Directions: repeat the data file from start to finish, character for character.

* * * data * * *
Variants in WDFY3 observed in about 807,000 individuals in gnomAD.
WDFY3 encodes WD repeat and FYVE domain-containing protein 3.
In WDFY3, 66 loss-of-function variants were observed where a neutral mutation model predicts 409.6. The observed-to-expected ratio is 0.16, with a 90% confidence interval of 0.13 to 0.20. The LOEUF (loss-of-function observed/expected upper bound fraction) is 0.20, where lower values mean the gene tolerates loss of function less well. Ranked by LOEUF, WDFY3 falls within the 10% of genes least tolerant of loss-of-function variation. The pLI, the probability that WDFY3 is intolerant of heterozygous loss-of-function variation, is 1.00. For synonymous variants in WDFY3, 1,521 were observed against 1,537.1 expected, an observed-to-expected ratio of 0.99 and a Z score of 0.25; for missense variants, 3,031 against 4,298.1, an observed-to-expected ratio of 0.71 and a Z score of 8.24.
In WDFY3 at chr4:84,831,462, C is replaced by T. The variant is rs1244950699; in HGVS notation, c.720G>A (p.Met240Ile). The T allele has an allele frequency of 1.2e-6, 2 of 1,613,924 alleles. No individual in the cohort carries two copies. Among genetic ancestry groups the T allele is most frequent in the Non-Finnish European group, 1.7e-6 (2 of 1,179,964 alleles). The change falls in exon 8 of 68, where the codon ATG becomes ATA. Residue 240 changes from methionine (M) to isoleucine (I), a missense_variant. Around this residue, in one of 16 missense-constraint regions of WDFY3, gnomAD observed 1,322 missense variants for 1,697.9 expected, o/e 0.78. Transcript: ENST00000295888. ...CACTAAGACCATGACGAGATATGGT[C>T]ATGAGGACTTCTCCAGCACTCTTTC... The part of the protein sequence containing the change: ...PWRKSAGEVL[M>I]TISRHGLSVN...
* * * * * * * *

Variants in WDFY3 observed in about 807,000 individuals in gnomAD.
WDFY3 encodes WD repeat and FYVE domain-containing protein 3.
In WDFY3, 66 loss-of-function variants were observed where a neutral mutation model predicts 409.6. The observed-to-expected ratio is 0.16, with a 90% confidence interval of 0.13 to 0.20. The LOEUF (loss-of-function observed/expected upper bound fraction) is 0.20, where lower values mean the gene tolerates loss of function less well. Ranked by LOEUF, WDFY3 falls within the 10% of genes least tolerant of loss-of-function variation. The pLI, the probability that WDFY3 is intolerant of heterozygous loss-of-function variation, is 1.00. For synonymous variants in WDFY3, 1,521 were observed against 1,537.1 expected, an observed-to-expected ratio of 0.99 and a Z score of 0.25; for missense variants, 3,031 against 4,298.1, an observed-to-expected ratio of 0.71 and a Z score of 8.24.
In WDFY3 at chr4:84,831,462, C is replaced by T. The variant is rs1244950699; in HGVS notation, c.720G>A (p.Met240Ile). The T allele has an allele frequency of 1.2e-6, 2 of 1,613,924 alleles. No individual in the cohort carries two copies. Among genetic ancestry groups the T allele is most frequent in the Non-Finnish European group, 1.7e-6 (2 of 1,179,964 alleles). The change falls in exon 8 of 68, where the codon ATG becomes ATA. Residue 240 changes from methionine (M) to isoleucine (I), a missense_variant. Around this residue, in one of 16 missense-constraint regions of WDFY3, gnomAD observed 1,322 missense variants for 1,697.9 expected, o/e 0.78. Transcript: ENST00000295888. ...CACTAAGACCATGACGAGATATGGT[C>T]ATGAGGACTTCTCCAGCACTCTTTC... The part of the protein sequence containing the change: ...PWRKSAGEVL[M>I]TISRHGLSVN...